Run Club Tips: A Doctor's Journey & Advice

AMA Youth Run Club Blog – Aug. 4/15
By Dr. Kim Kelly

As I recover from today’s 2-mile run, I consider my recent interest in running. It all began when I got involved as an assistant coach with my son’s AMA Youth Run Club at Belgravia Elementary in the spring of 2013. 

Running has been an unexpected new activity for me. I have shocked many family members and friends, as well as myself, due to my past muttered statements that went something like, “I hate running! I am never going to run.” Hmmmmm… note to self… never say never.

Over time, I have experienced firsthand the many benefits of running including the obvious ones:  increased fitness and endurance, but also the less obvious benefits of socialization, decreased overall body aches, and stress relief. By making time in my daily schedule for some sort of exercise, I realize that I am role modeling healthy behaviour and hopefully influencing my children, my peers and my neighbours.

In my role as assistant coach of my local school’s run club, I learned many things. I would like to share five of these tips with you. 

1.    You don’t have to be an expert.

I took my role seriously but I thought I knew nothing about running and felt ill-prepared. The weekend before our first session, I read through my AMA YRC coach’s manual and discovered it to be an excellent resource. It was full of games, information on how to coach, and specifics on physical activities for kids. It definitely increased my comfort level with the task at hand.

I confess, I also reviewed what to do in case a child had an asthma attack, or fractured their tibia, or suffered a head injury (sidewalk curbs would be involved, right?). Did I mention that I’m also a physician and a mom?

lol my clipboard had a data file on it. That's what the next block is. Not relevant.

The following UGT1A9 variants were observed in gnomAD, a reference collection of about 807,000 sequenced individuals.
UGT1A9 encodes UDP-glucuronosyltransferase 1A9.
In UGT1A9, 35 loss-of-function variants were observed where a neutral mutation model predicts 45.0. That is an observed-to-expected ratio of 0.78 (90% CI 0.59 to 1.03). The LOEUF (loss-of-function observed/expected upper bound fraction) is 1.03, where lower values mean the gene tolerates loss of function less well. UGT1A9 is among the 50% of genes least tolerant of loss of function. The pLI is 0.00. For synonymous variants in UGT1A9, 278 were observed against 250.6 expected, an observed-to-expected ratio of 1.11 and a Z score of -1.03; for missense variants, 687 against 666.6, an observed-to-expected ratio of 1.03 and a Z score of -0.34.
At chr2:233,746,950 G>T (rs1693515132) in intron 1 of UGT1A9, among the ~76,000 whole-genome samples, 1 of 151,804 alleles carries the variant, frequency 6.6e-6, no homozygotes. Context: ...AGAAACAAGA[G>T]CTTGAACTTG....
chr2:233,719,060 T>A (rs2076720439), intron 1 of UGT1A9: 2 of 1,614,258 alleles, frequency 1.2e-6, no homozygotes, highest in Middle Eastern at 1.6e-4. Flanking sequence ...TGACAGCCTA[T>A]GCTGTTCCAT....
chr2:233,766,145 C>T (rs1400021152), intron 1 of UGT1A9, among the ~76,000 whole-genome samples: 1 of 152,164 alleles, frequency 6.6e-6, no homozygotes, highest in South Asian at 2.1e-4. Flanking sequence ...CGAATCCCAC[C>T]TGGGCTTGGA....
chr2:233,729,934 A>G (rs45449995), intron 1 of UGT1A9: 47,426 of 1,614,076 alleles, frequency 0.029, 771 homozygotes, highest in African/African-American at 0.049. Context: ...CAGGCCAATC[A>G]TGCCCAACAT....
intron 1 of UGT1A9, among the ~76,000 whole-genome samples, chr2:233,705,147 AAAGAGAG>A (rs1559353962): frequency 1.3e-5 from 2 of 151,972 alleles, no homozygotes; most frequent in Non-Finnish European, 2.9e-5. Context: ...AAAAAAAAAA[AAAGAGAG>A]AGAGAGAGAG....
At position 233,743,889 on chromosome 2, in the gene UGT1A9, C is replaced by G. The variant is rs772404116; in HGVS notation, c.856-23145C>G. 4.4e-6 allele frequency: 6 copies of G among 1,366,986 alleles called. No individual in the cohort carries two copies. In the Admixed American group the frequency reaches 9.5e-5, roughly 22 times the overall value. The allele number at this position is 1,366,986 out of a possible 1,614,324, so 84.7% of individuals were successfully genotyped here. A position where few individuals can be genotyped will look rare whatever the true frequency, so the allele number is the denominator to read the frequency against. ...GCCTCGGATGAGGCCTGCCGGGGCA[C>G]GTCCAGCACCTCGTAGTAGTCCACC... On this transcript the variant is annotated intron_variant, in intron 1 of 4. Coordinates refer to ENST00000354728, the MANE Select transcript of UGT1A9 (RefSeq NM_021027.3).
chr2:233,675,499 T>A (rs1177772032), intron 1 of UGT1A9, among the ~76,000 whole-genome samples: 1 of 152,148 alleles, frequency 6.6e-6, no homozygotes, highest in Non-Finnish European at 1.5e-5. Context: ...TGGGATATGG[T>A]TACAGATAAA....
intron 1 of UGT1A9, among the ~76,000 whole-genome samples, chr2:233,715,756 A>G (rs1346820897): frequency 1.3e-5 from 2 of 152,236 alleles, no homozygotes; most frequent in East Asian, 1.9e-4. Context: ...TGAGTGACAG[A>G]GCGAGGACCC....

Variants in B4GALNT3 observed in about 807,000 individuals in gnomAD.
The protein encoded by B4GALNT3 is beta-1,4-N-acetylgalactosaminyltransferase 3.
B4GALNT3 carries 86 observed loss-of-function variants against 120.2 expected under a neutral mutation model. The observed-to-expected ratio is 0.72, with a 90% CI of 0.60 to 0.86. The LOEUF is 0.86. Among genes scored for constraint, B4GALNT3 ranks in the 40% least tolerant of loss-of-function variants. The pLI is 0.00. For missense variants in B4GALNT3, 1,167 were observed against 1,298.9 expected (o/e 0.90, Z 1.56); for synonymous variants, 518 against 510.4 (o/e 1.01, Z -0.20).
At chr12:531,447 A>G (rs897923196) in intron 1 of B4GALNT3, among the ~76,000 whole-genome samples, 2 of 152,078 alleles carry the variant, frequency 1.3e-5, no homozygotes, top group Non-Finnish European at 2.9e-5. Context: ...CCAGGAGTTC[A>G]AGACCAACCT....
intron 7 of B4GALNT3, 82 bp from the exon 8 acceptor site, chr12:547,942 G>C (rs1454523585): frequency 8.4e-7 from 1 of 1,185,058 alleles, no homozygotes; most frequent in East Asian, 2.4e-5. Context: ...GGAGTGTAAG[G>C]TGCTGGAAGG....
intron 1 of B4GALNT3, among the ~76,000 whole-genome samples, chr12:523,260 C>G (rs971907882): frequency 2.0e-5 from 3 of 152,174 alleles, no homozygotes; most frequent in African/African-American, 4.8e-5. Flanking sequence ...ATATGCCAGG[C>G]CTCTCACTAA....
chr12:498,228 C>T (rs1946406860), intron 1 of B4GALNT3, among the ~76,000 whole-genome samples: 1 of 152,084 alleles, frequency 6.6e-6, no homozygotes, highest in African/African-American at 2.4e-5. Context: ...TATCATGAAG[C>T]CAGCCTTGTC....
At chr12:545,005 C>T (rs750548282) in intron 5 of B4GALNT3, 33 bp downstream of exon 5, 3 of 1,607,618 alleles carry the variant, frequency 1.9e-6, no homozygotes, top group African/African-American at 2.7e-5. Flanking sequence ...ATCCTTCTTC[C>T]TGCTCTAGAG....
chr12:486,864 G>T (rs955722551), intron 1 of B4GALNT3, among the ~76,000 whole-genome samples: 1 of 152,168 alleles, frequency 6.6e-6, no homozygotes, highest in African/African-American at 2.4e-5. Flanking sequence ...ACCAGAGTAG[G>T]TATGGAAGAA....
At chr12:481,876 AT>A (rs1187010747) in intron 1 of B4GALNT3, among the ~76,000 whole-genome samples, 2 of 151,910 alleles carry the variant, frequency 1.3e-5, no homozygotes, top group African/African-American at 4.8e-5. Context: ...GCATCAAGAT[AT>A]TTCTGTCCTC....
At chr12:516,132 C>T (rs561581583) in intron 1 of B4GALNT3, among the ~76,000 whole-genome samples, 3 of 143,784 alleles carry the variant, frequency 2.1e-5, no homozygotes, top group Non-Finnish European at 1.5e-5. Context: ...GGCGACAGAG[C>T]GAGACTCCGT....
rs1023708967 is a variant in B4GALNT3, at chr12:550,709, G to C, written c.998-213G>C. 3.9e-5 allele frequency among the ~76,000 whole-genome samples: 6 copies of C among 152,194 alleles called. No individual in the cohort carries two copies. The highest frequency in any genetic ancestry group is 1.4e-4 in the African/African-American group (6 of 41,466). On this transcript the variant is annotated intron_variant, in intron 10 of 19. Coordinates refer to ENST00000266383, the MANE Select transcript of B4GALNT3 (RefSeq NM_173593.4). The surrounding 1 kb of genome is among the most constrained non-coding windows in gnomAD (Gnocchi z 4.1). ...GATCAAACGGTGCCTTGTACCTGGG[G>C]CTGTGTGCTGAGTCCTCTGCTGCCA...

As the Grade 4, 5 and 6 students gradually filed into the gym on day 1 - some wearing UGGs and long necklaces I might add - I quickly discovered that being an expert was not part of my job description. Common sense and enthusiasm would be sufficient for me to do a good job.

2.    Enjoy the outdoors and make use of your local resources.

A gym may be your only option but if possible, try to get the kids outside. Kids are naturally more active and playful outside, and who doesn’t like to breathe in fresh air? 

In the past, our teacher/coach had been unable to make use of our beautiful river valley due to a lack of adult supervision. With my participation as a parent volunteer, we were able to take our students into the nearby river valley. This really enriched their experiences and was absolutely FREE!!

3.    Share the fun!

We encouraged parents and younger siblings to join us along the route.  Our runs became more of a community affair rather than a training session. Our run club also helped support a fun run fundraiser put on by our playschool and community league. You may wish to consider how to get your greater community involved with your run club.

4.    Be creative.

We wanted to continue our run club over the winter but were limited by the size of our gym. One of our parents came up with a great idea for an Adventure Club. Our goals for this club were to get kids outside and to have fun doing winter activities. We hoped that these activities would carry over to weekend and after school hours spent with family and friends. We were excited to learn that this indeed occurred!

Some different activities we organized included orienteering, snowshoeing, skating, capture the flag, broomball, quidditch, and kicksledding (kicksleds loaned to us by the City of Edmonton recreation program). Adventure Club ended up being one of our most popular clubs to date, as rated by students, teachers and parents!

5.    You are a role model.

By showing up and participating you are positively affecting kids and adults, often in ways you will never realize. YOU are inspiring personal triumphs! In turn, the rewards you will receive are many. I savour the smiles, hugs, and silliness that I shared with the 25 kids in our run club.

In conclusion, I discovered that being part of an AMA Youth Run Club was not hard. Kids naturally want to be active and have fun. My role was simply to be myself, to help guide the activity, and to ensure that kids were safe. Somewhere along the way I was inspired in ways that surprised me. I hope that you will be too!